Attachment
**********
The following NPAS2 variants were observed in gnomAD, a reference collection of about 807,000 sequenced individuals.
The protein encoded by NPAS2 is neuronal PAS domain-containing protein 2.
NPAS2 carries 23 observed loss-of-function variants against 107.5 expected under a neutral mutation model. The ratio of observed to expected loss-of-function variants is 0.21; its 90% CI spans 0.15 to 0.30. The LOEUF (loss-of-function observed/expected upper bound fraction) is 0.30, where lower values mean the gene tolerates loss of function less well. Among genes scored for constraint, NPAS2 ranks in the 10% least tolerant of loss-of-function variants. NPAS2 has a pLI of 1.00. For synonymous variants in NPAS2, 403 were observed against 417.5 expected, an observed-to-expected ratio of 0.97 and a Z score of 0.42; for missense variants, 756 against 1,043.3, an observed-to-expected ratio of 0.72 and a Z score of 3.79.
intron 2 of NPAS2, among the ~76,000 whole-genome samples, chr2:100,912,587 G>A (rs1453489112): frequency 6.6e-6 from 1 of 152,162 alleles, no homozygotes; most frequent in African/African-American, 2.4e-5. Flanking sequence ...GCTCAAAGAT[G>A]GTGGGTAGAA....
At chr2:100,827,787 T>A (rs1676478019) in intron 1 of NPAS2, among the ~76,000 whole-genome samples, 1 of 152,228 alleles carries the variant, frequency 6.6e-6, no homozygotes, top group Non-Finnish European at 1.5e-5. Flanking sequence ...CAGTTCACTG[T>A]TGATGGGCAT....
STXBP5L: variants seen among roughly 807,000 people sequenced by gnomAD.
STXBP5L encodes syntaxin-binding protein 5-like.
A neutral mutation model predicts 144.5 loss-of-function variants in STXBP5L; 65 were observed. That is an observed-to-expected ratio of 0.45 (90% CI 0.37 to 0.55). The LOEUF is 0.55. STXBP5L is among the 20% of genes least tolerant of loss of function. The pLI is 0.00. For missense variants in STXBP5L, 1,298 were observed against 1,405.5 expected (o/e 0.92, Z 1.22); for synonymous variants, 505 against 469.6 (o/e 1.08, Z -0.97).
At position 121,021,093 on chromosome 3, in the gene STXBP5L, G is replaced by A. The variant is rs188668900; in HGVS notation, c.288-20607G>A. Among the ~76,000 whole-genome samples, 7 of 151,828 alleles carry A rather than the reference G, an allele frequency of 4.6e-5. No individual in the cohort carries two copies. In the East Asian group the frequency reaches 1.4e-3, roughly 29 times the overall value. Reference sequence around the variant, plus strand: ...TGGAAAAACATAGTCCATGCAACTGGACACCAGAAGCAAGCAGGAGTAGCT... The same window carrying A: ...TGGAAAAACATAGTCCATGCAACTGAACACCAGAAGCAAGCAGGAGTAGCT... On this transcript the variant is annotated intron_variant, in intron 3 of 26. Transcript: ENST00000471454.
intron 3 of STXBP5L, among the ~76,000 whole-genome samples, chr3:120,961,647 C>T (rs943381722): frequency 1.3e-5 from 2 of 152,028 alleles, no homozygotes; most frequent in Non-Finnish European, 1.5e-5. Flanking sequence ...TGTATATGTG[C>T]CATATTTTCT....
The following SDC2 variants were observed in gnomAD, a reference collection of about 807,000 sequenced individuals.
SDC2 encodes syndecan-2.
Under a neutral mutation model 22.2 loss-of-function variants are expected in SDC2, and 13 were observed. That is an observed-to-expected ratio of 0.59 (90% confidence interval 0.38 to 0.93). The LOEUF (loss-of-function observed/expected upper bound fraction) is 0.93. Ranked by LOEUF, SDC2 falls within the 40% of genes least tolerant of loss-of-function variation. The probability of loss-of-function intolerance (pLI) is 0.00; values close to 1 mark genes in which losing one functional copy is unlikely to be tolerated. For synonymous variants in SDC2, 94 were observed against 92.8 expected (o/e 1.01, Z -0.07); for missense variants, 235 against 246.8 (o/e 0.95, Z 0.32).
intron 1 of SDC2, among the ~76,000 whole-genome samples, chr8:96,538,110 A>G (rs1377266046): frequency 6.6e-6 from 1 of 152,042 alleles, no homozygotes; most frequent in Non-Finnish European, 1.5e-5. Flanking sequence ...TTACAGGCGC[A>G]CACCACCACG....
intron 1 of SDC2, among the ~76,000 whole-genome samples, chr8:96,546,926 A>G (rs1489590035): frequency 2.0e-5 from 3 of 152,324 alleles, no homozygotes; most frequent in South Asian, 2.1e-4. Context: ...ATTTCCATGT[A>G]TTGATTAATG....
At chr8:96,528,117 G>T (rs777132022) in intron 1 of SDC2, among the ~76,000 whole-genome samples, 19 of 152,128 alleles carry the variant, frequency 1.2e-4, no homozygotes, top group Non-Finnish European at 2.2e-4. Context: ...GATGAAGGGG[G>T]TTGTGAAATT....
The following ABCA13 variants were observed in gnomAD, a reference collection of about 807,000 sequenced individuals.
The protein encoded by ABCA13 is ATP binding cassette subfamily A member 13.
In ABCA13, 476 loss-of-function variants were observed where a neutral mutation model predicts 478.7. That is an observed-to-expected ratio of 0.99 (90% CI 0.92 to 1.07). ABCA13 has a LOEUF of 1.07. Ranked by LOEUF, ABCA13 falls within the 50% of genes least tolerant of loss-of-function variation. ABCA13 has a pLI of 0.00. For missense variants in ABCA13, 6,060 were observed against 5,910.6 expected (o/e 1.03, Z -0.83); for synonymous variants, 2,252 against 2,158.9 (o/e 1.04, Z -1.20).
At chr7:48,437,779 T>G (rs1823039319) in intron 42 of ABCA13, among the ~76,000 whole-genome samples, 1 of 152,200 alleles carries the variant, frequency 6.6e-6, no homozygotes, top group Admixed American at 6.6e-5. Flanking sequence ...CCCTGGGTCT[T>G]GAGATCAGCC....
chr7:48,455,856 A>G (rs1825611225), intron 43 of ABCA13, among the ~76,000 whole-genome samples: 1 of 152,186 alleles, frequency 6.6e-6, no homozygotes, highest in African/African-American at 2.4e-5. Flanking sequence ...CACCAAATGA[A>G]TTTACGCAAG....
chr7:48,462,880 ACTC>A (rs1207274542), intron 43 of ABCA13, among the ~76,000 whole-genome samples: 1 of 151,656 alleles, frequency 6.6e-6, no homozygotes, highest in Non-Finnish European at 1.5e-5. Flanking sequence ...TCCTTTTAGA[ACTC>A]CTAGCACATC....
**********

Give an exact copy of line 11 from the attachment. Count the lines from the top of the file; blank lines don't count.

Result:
The following SDC2 variants were observed in gnomAD, a reference collection of about 807,000 sequenced individuals.